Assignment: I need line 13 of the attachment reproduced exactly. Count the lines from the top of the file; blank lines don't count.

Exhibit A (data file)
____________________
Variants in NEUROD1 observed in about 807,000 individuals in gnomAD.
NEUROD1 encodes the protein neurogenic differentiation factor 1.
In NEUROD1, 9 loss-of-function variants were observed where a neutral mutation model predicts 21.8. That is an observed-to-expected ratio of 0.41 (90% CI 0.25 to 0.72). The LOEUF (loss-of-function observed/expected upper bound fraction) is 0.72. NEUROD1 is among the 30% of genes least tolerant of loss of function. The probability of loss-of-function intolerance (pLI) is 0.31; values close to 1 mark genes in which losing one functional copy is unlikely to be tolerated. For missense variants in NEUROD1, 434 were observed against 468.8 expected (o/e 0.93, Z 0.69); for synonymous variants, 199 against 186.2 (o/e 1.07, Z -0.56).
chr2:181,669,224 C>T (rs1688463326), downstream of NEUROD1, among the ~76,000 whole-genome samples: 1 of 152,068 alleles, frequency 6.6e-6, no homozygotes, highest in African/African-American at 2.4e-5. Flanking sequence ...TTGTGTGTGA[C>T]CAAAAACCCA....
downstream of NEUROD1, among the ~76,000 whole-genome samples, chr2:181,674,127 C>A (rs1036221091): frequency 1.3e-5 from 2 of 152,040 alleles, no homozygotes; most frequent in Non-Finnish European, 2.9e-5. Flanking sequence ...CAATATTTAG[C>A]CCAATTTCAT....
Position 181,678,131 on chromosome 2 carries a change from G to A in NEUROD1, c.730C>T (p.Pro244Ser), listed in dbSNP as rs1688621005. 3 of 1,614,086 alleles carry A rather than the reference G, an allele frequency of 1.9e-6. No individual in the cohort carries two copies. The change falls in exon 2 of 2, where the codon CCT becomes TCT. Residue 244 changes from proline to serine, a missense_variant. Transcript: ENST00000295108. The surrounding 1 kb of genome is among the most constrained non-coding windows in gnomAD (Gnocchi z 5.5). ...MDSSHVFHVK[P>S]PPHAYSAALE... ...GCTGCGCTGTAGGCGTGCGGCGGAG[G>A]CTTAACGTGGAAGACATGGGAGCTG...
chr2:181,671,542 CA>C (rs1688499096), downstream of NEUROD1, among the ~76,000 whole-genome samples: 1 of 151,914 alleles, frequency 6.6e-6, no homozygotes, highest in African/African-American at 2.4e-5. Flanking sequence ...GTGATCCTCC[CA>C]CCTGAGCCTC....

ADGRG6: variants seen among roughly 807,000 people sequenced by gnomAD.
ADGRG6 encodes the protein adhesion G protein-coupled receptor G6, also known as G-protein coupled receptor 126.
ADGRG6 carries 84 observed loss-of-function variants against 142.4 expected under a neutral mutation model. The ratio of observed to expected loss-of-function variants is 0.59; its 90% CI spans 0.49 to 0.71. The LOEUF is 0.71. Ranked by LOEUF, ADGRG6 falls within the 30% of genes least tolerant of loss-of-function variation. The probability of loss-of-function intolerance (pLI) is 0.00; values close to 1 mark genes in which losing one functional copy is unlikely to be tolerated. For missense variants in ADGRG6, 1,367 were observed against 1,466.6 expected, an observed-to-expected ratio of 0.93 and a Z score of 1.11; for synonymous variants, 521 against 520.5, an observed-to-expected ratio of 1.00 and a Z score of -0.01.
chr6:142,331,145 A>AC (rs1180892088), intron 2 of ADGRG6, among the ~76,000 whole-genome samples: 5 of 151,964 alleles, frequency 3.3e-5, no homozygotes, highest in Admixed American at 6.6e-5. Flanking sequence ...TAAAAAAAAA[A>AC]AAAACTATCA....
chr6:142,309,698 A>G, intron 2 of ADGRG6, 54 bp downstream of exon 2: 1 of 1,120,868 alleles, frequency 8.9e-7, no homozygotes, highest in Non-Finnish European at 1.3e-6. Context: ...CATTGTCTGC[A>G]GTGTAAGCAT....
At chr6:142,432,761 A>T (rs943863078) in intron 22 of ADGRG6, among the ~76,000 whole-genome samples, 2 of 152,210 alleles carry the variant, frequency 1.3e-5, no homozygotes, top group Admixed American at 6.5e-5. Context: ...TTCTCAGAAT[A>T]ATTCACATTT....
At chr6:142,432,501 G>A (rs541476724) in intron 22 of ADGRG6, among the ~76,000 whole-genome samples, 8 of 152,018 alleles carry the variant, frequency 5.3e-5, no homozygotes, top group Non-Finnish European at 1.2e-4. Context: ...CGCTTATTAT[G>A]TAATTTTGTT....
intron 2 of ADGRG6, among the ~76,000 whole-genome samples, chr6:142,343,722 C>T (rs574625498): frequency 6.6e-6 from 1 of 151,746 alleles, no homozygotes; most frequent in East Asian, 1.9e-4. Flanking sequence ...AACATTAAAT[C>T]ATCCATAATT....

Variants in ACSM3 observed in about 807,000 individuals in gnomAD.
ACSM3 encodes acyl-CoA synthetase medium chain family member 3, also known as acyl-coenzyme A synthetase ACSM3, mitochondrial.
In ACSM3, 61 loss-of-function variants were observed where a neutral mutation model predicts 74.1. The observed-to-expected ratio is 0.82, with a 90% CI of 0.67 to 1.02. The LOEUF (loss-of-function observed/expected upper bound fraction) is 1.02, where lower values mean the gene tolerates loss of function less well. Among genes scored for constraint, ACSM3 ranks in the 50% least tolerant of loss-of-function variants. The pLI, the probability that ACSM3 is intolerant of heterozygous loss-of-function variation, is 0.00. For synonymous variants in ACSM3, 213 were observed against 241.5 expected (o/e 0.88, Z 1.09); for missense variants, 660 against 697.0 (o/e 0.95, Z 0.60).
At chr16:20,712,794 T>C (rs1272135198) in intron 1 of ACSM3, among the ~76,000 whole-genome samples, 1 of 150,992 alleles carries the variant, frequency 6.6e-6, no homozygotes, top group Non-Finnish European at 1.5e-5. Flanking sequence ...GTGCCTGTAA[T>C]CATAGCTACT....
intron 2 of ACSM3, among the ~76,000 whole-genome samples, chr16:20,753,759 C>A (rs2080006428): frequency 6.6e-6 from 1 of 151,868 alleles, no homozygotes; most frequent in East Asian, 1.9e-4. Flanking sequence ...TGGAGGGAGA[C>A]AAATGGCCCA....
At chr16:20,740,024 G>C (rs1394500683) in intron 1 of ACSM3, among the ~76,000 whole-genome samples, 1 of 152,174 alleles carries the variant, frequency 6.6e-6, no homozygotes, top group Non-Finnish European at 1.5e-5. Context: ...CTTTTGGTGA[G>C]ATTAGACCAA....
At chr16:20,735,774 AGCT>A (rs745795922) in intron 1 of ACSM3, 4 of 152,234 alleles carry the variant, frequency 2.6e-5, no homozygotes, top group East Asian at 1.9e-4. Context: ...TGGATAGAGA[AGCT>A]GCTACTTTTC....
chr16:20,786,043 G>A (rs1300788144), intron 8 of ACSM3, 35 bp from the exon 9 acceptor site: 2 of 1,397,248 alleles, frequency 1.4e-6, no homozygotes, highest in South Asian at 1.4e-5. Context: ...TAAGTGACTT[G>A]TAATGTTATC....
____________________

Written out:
At chr6:142,432,761 A>T (rs943863078) in intron 22 of ADGRG6, among the ~76,000 whole-genome samples, 2 of 152,210 alleles carry the variant, frequency 1.3e-5, no homozygotes, top group Admixed American at 6.5e-5. Context: ...TTCTCAGAAT[A>T]ATTCACATTT....